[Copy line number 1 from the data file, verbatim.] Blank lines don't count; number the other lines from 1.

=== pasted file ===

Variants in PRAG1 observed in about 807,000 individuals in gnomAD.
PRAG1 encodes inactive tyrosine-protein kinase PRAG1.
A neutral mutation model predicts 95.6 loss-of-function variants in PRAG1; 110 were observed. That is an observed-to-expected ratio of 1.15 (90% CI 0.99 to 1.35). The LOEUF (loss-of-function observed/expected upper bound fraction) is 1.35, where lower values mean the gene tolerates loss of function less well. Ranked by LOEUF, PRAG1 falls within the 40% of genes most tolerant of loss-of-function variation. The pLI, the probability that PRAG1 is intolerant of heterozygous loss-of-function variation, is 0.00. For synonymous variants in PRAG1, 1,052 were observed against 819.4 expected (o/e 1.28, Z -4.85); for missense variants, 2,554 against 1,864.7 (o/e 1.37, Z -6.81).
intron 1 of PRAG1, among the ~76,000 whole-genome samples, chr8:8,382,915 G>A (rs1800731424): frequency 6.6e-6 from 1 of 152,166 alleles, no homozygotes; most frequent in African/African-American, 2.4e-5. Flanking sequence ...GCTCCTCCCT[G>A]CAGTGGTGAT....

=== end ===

Variants in PRAG1 observed in about 807,000 individuals in gnomAD.